Parents of ataxia-telangiectasia patients display a distinct cellular immune phenotype mimickingATM-mutated patients

ÖĞÜLÜR İ., Ertuzun T., KOCAMIŞ B., Kendir Demirkol Y., Uyar E., KIYKIM A., ...More

PEDIATRIC ALLERGY AND IMMUNOLOGY, vol.32, no.2, pp.349-357, 2021 (SCI-Expanded) identifier identifier identifier

  • Publication Type: Article / Article
  • Volume: 32 Issue: 2
  • Publication Date: 2021
  • Doi Number: 10.1111/pai.13387
  • Journal Indexes: Science Citation Index Expanded (SCI-EXPANDED), Scopus, Academic Search Premier, Agricultural & Environmental Science Database, CAB Abstracts, EMBASE, Food Science & Technology Abstracts, MEDLINE, Veterinary Science Database
  • Page Numbers: pp.349-357
  • Keywords: ataxia-telangiectasia, DNA strand breaks, infection, lymphocyte subsets, oxidative stress, parents
  • Bezmialem Vakıf University Affiliated: Yes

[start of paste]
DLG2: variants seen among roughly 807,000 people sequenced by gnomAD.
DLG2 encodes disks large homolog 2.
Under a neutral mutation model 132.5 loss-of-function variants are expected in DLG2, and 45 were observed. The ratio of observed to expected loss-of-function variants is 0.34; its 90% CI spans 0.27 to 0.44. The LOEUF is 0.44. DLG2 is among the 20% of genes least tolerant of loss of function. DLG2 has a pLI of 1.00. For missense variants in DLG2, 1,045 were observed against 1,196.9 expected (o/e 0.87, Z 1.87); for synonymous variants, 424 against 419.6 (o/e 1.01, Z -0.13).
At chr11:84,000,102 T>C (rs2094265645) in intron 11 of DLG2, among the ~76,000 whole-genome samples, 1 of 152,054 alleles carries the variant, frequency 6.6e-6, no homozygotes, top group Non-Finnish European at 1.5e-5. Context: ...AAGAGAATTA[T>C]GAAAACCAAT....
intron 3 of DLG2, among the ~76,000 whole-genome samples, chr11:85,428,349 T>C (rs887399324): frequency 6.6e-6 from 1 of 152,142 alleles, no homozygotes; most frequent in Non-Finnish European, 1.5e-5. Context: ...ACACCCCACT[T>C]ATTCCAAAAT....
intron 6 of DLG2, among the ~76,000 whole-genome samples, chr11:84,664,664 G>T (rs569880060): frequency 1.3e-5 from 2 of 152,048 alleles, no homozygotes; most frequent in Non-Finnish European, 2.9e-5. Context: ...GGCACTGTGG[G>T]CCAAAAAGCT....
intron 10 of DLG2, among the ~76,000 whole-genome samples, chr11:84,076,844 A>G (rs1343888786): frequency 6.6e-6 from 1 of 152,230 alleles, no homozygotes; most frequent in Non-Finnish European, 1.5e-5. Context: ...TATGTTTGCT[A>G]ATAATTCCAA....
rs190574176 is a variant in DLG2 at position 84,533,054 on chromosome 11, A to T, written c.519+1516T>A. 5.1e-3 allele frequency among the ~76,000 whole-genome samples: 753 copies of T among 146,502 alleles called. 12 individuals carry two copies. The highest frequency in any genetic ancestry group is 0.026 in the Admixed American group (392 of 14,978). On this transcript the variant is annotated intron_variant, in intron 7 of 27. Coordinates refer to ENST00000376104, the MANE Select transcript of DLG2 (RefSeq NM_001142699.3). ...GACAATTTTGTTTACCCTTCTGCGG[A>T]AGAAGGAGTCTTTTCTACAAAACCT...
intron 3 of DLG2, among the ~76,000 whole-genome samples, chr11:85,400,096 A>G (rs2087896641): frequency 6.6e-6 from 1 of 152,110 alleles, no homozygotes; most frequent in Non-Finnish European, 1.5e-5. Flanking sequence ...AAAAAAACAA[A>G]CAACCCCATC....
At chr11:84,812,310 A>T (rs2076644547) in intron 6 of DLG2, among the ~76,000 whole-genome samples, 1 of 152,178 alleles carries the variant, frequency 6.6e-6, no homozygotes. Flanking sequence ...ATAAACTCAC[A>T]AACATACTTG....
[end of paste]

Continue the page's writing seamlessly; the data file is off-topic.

Background Heterozygous relatives of ataxia-telangiectasia (AT) patients are at an increased risk for certain AT-related manifestations. We also show that there is an increase of infection frequency in parents of AT patients. Thus, we hypothesized that the parents might exhibit immune alterations similar to their affected children. Methods Lymphocyte phenotyping to enumerate T- and B-cell subsets was performed. Functional analyses included in vitro quantified gamma-H2AX, poly (ADP-ribose) polymerase (PARP) and caspase-9 proteins. Chromosomal instability was determined by comet assay. Results We analyzed 20 AT patients (14F/6M), 31 parents (16F/15M), and 35 age-matched healthy controls. The AT patients' parents exhibited low frequency of naive CD4(+)T- (n = 14, 45%) and recent thymic emigrants (n = 11, 35%) in comparison with the age-matched healthy donors. Interestingly, parents with low naive T cells also demonstrated high rate of recurrent infections (9/14, 64%). In comparison with age-matched controls, parents who had recurrent infections and low naive T cells showed significantly higher baseline gamma-H2AX levels and H2O2-induced DNA damage as well as increased cleaved caspase-9 and PARP proteins. Conclusion Parents of AT patients could present with recurrent infections and display cellular defects that mimic AT patients. The observed immunological changes could be associated with increased DNA double-strand breaks.